Radio contact is resumed – hello again. I have been on holiday for a month, back in New Zealand seeing family & friends and watching rugby. Of course I had good intentions of writing a pre holiday post with my reading plans but that idea flew out the window with the inevitable last minute rush. In all honesty, I am not the most organised person but the thought was there!
I did get to read a few books while I was away, on kindle. I’m a true kindle fan now when it comes to holidays and commuting although I’ll always love the feel and experience of reading an actual physical book.
It’s probably a topic for another time but a difference I notice with the kindle is my concept of time and history with the book I’m reading. I often like to flick back in a story to clarify the odd point and I much prefer to do this with actual pages. I have an idea of where in the timeline of the story the point occurred and often I’ll have a picture in mind of where on the page it was – for some reason I don’t have that with the kindle. I also like the feeling of knowing by the thickness and page numbers, where in the life of the story I am, 400 pages into a chunkster feels different somehow than 80% on the kindle.
Anyway, I digress (you can tell I haven’t posted for a while) – back on track, let me tell you about The Forgotten Waltz
Reading the first few chapters of The Forgotten Waltz is like meeting up with an old girl friend for an intimate catch up, having not seen each other for several months. A friend you know has had an affair which has turned her life upside down, but until now you don’t know any of the details.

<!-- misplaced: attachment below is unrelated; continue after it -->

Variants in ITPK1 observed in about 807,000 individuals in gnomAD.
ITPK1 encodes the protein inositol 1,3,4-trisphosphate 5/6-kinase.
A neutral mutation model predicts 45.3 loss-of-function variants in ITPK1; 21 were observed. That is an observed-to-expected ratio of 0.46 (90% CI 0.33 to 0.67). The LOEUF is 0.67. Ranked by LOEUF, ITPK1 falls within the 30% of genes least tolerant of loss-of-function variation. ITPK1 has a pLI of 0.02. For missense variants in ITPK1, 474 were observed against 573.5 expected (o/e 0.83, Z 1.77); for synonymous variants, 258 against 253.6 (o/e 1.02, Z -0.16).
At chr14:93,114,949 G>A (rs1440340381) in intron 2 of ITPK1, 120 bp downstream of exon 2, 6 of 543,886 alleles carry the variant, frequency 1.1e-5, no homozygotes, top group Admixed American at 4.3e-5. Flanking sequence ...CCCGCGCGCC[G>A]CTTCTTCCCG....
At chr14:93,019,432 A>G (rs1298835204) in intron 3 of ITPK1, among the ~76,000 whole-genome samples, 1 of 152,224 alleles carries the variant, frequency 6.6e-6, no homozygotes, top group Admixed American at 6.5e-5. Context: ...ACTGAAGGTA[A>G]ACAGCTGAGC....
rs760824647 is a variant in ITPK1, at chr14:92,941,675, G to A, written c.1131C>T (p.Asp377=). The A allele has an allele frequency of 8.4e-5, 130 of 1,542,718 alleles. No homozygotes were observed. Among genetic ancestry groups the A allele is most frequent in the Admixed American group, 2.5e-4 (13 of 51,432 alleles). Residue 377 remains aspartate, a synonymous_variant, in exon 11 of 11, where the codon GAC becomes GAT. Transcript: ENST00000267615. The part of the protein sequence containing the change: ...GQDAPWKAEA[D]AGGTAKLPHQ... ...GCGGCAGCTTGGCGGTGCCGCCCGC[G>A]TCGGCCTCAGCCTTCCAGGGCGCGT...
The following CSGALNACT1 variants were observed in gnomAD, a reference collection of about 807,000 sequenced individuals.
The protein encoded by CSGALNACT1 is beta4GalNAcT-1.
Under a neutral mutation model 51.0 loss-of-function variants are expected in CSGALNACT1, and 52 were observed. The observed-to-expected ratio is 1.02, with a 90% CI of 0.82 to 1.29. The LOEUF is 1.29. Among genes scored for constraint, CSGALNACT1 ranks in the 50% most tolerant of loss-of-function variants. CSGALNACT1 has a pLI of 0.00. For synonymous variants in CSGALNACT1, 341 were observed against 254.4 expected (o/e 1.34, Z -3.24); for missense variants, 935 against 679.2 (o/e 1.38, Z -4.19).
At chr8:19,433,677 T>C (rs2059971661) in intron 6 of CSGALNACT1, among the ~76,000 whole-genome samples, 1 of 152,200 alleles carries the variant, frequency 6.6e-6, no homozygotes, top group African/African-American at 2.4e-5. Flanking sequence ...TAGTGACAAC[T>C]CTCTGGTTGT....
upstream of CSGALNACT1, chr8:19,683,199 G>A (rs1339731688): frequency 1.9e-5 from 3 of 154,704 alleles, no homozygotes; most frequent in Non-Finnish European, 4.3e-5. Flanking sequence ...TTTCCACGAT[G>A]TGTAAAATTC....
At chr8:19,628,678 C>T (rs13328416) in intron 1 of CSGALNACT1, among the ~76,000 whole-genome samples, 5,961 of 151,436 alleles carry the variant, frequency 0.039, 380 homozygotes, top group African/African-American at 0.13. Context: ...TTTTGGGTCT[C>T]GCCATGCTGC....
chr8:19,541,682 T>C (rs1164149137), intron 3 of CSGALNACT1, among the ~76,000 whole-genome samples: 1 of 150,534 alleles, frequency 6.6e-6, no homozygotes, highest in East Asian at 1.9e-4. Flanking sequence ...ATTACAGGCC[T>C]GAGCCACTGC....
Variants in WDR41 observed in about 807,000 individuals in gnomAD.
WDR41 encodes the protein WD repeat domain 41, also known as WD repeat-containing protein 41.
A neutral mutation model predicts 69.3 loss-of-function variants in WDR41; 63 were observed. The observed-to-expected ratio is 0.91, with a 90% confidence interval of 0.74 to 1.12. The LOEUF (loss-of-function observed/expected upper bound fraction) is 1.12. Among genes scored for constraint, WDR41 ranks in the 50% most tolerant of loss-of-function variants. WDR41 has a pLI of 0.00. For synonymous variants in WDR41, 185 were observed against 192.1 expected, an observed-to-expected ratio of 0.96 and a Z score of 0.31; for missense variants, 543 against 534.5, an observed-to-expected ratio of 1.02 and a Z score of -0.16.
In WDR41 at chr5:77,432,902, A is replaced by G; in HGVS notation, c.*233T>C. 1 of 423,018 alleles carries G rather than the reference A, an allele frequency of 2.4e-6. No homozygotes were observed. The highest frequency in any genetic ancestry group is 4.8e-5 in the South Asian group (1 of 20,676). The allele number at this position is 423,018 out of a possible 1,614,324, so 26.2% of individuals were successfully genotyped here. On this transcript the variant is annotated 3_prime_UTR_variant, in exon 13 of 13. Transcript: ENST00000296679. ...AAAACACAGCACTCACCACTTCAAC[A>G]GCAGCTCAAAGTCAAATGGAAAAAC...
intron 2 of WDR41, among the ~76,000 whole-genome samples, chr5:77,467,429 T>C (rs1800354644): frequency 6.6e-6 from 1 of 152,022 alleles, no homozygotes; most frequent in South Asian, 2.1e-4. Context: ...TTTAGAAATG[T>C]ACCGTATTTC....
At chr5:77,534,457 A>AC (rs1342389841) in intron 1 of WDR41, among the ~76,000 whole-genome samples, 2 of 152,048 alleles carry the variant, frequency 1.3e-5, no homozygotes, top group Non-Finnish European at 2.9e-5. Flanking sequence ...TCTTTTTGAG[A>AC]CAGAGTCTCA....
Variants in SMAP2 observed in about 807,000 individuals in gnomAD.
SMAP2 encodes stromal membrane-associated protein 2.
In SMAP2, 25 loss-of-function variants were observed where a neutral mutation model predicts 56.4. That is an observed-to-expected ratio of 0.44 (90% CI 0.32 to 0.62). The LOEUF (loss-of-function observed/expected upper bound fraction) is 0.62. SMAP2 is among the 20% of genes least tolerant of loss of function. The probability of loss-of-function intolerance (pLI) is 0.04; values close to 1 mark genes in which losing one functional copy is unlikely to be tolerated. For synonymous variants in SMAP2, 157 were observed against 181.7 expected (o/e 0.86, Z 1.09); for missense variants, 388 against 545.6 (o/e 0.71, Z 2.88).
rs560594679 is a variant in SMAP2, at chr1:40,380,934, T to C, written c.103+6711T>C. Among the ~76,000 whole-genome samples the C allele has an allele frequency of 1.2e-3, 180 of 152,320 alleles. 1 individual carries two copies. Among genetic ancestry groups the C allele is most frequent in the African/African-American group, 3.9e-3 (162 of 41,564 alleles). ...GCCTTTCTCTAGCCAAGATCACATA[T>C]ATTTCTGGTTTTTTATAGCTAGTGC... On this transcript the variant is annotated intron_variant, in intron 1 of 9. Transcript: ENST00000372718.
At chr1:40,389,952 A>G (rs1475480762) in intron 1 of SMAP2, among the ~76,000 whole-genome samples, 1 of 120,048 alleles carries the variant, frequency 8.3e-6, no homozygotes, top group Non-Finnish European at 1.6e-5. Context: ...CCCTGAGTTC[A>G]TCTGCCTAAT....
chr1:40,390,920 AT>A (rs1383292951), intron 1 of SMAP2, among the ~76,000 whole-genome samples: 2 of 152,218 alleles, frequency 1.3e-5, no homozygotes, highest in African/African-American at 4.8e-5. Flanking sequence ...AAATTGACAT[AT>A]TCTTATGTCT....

The details are what the book is all about and it is a strength of Anne Enright’s writing that her central character can recall these details with such candidness on the one hand, and objectivity and insight on the other. There is also room for irony and humour at the totally self inflicted mess she has created.
The setting is Dublin in 2009, when the previously booming Irish economy is struggling with the recession. Gina and Connor, married and in their 20s have gone from being financially comfortable to now questioning if they can afford to have a baby.
At a family barbeque Gina meets her sister’s married neighbour Sean. The contact is fleeting and infact Sean doesn’t recall the meeting but for Gina there is a spark. Gina also meets Sean’s daughter Evie.
As we know at the beginning, things develop and the close knit circle of people involved are all deeply affected.
I lived in Dublin for a while a few years ago so I loved the references to various places around the city as well as the uniquely Irish sayings that naturally crop up in the conversations. The first half of the book was great, compelling and hard to put down.
The second half didn’t work for me although that didn’t stop me easily finishing it. I found it a bit slow and the level of detail for that phase of the story too much. There are historical family issues to deal with and Sean’s daughter Evie features a lot. These seemed peripheral to the main story to me but I’m not sure that was the authors intention.
I like the title – As easy as it was for Gina to brush aside her vows in the heady early days of the affair, she wouldn’t have the luxury of forgetting the consequences of that choice quite so easily.
2011, 240 pages